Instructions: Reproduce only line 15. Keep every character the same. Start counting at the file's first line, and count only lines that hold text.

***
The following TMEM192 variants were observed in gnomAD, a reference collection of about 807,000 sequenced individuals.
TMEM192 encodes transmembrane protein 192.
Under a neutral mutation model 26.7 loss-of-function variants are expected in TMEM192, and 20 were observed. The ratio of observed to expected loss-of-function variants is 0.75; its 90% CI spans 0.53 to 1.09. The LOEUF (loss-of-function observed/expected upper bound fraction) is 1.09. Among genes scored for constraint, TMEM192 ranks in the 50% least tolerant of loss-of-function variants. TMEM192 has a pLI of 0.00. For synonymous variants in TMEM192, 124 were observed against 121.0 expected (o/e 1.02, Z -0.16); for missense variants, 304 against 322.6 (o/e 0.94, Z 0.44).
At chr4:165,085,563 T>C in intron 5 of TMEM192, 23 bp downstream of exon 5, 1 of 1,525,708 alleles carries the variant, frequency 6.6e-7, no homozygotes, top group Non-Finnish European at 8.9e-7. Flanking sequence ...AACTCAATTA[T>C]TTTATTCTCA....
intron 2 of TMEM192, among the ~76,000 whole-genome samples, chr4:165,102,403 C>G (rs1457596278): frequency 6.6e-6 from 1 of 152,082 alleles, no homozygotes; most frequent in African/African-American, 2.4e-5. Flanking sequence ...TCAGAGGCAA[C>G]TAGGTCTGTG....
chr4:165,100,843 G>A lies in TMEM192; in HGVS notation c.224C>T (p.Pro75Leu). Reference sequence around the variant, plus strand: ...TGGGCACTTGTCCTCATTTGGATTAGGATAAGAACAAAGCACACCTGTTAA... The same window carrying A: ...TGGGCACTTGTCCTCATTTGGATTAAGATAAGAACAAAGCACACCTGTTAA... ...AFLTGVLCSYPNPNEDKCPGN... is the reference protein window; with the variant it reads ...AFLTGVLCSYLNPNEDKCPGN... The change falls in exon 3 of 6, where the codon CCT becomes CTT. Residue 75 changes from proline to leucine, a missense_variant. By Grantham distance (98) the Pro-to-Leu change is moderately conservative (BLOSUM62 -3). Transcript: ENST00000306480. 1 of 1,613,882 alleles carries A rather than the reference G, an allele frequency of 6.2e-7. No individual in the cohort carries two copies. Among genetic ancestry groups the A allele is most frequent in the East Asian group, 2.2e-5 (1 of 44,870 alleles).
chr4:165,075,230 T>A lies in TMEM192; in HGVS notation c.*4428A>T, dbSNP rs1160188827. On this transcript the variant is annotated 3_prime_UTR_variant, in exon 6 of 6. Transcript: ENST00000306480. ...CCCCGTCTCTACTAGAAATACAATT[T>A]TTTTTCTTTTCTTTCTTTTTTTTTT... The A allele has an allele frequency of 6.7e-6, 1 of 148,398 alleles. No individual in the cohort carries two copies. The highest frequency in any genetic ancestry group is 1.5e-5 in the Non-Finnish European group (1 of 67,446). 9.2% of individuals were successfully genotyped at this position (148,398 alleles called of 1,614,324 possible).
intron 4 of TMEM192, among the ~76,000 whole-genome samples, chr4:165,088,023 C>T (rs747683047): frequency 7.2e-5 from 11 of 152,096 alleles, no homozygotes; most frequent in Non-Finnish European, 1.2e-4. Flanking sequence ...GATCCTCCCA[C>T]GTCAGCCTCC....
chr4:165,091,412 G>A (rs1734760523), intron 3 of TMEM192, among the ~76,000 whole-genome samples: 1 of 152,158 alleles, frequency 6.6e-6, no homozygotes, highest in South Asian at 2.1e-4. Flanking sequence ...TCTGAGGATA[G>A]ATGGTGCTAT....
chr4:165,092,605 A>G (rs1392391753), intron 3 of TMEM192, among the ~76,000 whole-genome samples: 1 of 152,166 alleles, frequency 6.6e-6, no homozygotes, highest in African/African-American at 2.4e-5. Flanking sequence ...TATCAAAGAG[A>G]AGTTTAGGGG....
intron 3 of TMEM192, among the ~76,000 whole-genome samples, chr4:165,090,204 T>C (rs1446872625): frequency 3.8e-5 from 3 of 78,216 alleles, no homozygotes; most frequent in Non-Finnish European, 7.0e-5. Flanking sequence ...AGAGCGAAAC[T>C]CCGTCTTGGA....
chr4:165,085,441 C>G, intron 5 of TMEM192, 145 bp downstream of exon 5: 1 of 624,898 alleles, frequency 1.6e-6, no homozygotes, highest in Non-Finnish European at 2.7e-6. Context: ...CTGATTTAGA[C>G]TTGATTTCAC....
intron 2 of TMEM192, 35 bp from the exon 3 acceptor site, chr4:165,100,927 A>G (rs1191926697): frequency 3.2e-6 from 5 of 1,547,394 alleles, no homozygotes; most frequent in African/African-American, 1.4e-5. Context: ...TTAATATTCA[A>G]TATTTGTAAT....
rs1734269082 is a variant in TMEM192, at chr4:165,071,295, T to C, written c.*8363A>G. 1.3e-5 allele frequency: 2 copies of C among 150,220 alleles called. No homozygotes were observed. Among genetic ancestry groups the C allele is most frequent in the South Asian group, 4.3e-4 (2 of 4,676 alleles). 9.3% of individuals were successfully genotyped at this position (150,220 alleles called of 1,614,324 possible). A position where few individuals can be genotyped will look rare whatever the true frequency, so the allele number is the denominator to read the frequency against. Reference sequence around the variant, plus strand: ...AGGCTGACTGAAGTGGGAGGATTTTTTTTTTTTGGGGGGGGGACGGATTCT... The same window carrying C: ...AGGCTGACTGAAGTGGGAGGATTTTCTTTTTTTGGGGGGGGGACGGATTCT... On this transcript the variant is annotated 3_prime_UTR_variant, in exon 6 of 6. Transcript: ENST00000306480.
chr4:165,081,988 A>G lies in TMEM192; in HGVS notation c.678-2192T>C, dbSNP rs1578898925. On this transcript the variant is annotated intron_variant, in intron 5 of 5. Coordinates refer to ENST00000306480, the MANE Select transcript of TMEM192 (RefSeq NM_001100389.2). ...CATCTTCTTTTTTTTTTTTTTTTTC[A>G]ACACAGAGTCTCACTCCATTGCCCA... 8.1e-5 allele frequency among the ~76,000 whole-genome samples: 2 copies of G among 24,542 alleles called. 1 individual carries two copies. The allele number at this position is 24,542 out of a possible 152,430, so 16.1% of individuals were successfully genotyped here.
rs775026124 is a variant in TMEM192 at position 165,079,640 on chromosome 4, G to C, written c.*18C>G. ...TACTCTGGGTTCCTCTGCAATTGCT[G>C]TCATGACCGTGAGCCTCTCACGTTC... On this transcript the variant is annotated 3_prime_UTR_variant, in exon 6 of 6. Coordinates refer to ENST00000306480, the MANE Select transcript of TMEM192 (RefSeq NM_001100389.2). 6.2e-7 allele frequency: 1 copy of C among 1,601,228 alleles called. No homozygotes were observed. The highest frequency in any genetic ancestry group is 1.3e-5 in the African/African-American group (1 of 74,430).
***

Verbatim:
chr4:165,081,988 A>G lies in TMEM192; in HGVS notation c.678-2192T>C, dbSNP rs1578898925. On this transcript the variant is annotated intron_variant, in intron 5 of 5. Coordinates refer to ENST00000306480, the MANE Select transcript of TMEM192 (RefSeq NM_001100389.2). ...CATCTTCTTTTTTTTTTTTTTTTTC[A>G]ACACAGAGTCTCACTCCATTGCCCA... 8.1e-5 allele frequency among the ~76,000 whole-genome samples: 2 copies of G among 24,542 alleles called. 1 individual carries two copies. The allele number at this position is 24,542 out of a possible 152,430, so 16.1% of individuals were successfully genotyped here.